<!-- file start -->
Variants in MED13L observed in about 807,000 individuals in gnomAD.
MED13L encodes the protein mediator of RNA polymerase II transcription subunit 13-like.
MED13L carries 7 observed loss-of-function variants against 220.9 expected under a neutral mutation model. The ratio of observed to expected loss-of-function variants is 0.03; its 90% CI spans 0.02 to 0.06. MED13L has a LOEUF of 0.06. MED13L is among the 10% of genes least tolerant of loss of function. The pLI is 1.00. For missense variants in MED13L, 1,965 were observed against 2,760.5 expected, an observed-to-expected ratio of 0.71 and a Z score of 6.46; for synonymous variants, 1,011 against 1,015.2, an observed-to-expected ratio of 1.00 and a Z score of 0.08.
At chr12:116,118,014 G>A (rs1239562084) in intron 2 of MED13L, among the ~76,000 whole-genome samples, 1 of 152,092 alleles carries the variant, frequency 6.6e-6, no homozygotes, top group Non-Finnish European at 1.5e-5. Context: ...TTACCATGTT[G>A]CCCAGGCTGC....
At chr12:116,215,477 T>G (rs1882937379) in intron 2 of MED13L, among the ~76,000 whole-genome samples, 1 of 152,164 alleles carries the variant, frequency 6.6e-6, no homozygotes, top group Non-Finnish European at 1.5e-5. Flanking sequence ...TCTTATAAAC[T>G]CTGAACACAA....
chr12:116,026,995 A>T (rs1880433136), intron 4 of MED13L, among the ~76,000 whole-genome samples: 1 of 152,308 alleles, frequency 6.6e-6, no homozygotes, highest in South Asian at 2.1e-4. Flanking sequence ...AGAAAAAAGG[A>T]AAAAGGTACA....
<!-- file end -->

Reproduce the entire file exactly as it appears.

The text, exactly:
Variants in MED13L observed in about 807,000 individuals in gnomAD.
MED13L encodes the protein mediator of RNA polymerase II transcription subunit 13-like.
MED13L carries 7 observed loss-of-function variants against 220.9 expected under a neutral mutation model. The ratio of observed to expected loss-of-function variants is 0.03; its 90% CI spans 0.02 to 0.06. MED13L has a LOEUF of 0.06. MED13L is among the 10% of genes least tolerant of loss of function. The pLI is 1.00. For missense variants in MED13L, 1,965 were observed against 2,760.5 expected, an observed-to-expected ratio of 0.71 and a Z score of 6.46; for synonymous variants, 1,011 against 1,015.2, an observed-to-expected ratio of 1.00 and a Z score of 0.08.
At chr12:116,118,014 G>A (rs1239562084) in intron 2 of MED13L, among the ~76,000 whole-genome samples, 1 of 152,092 alleles carries the variant, frequency 6.6e-6, no homozygotes, top group Non-Finnish European at 1.5e-5. Context: ...TTACCATGTT[G>A]CCCAGGCTGC....
At chr12:116,215,477 T>G (rs1882937379) in intron 2 of MED13L, among the ~76,000 whole-genome samples, 1 of 152,164 alleles carries the variant, frequency 6.6e-6, no homozygotes, top group Non-Finnish European at 1.5e-5. Flanking sequence ...TCTTATAAAC[T>G]CTGAACACAA....
chr12:116,026,995 A>T (rs1880433136), intron 4 of MED13L, among the ~76,000 whole-genome samples: 1 of 152,308 alleles, frequency 6.6e-6, no homozygotes, highest in South Asian at 2.1e-4. Flanking sequence ...AGAAAAAAGG[A>T]AAAAGGTACA....